Another familial team they'll be competing against is from B.C.: 54-year-old Deb Barker and her 30-year-old son Aaron Barker run a funeral home in Grand Forks.Although they're described as "wacky", the pressure and nature of their jobs has taught them to focus on positive aspects during difficult times. Grand Forks' Aaron and Deb BarkerThose are just two out of the 10 teams that'll compete on the new season, which starts airing on July 4 at 8 p.m. on CTV and will be hosted by Olympic gold medallist Jon Montgomery. (All 10 teams can be viewed at the Amazing Race Canada webpage.)Canada's 150th anniversary will be a recurring theme throughout the season.They'll all be gunning for the grand prize of a Next Generation 2018 Chevrolet Equinox True North Edition for each winner, a trip around the world for two, $250,000 in cash, and the title as season champions. Let's block ads! (Why?)...

Helen M. Kalinoski, 91 - East Grand Forks Exponent

Tuesday, January 31, 2017

Poland. She was very proud of her Polish heritage and could speak Polish very fluently. She passed away peacefully Jan. 26, 2017, at the age of 91, after a brief illness at Altru Hospital in Grand Forks with her family at her side. She is survived by her daughter: Kathleen (Harry) Sierota, of Scottsdale, AZ; sons: Greg (Barb) of Thief River Falls; David (Peggy) of Michigan, ND; and Wayne of Stephen, MN; brother: Ed (Margaret) of St. Malo, Manitoba; grandchildren: Jessie Kalinoski, Cory Kalinoski, Ryan Wagner, Rachel (Cody) Metcalf, Ryan Kalinoski, Stacia Kalinoski, Sara Kalinoski, Michael Kalinoski, MD, Thomas Kalinoski, MD, and great-grandson: Jaxon Kalinoski. She was preceded in death by her parents, husband, and sister: Victoria. Mass of Christian Burial was held at 10:30 a.m. on Tuesday, January 31, 2017 at Blessed Sacrament Church of Greenbush, MN. Father Lou Buiton: Officiant, Jeanne Novacek: Organist, Connie and John Stanislawski: Eucharistic Ministers, Darcy Hannon: Song Leader, Stacis Kalinoski: Reader, John Wilebski and Kyle Stauffenecker: Alter Servers. Honorary bearers were Helen’s grandchildren and members of the Greenbush American Legion Auxiliary. Casket bearers were Ryan Kalinoski; Thomas Kalinoski, MD; Michael Kalinoski, MD; Gary Kalinoski; Ron Kalinoski; and Bill Stanislawski. Interment will be at St. Aloysius Church Cemetery of Leo, MN. In lieu of flowers, Helen’s family prefers memorials to the St. Aloysius Church Cemetery fund. Arrangements with Collins Funeral Homes of Greenbush, Karlstad & Middle River, MN. An on-line guest book is available at Let's block ads! (Why?)...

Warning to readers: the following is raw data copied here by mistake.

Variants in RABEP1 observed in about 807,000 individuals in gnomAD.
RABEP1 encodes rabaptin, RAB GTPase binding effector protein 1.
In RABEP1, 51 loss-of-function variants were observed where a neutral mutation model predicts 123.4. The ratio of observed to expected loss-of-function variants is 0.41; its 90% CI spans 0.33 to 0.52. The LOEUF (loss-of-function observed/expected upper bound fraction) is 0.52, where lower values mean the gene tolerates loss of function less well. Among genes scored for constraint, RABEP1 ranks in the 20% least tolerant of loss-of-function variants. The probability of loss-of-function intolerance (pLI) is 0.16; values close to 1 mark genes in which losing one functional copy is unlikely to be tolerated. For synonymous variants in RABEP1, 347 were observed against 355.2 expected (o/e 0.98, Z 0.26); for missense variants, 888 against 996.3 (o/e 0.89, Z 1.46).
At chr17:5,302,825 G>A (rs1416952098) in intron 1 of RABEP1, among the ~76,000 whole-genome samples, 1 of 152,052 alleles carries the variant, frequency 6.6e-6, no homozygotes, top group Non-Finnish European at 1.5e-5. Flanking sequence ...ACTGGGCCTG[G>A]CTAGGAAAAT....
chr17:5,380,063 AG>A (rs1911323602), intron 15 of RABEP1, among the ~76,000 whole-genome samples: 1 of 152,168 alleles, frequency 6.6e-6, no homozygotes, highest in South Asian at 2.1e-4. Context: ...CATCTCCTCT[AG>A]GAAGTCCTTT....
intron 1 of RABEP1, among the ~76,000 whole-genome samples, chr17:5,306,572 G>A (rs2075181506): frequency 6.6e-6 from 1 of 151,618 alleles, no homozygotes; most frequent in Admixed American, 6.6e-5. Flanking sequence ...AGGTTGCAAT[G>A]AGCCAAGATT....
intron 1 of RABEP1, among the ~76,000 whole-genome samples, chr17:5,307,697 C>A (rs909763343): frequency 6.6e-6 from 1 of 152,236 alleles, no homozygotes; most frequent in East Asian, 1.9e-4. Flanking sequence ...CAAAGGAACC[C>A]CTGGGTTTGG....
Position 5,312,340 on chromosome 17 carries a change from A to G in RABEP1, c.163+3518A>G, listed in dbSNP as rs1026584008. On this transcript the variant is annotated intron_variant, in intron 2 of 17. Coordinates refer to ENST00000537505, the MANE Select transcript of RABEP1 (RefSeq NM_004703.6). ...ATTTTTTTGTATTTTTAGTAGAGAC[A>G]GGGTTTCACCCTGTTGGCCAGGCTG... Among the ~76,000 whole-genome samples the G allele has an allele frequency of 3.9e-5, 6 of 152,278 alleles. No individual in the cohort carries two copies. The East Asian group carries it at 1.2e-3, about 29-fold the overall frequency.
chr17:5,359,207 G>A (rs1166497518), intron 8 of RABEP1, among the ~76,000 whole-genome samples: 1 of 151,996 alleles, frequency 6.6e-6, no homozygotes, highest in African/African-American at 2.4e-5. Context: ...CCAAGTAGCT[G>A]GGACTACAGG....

Audrey Ann 'Penny' Cline - The Altamont Enterprise

Thursday, April 12, 2018

Utica; by their four daughters, Mrs. Wendy J. Hotaling of Northville, Mrs. Laurel A. St. Onge of Northville, Mrs. Erika L. Troxell of Hatboro, Pennsylvania, and Mrs. Amy E. Cline of Kamloops, British Columbia; by her two brothers, Paul T. Burnett of Donna, Texas and Clark W. Burnett of Citrus Springs, Florida; and by her 12 grandchildren, four great-grandchildren, and several nieces and nephews.A graveside service will be held at a time to be announced in the spring in Prospect Hill Cemetery in Northville. Condolences may be made to the family online at contributions may be made to local hospice agencies.Let's block ads! (Why?)...

Community mourns doctor who put focus on health care in the north -

Thursday, April 12, 2018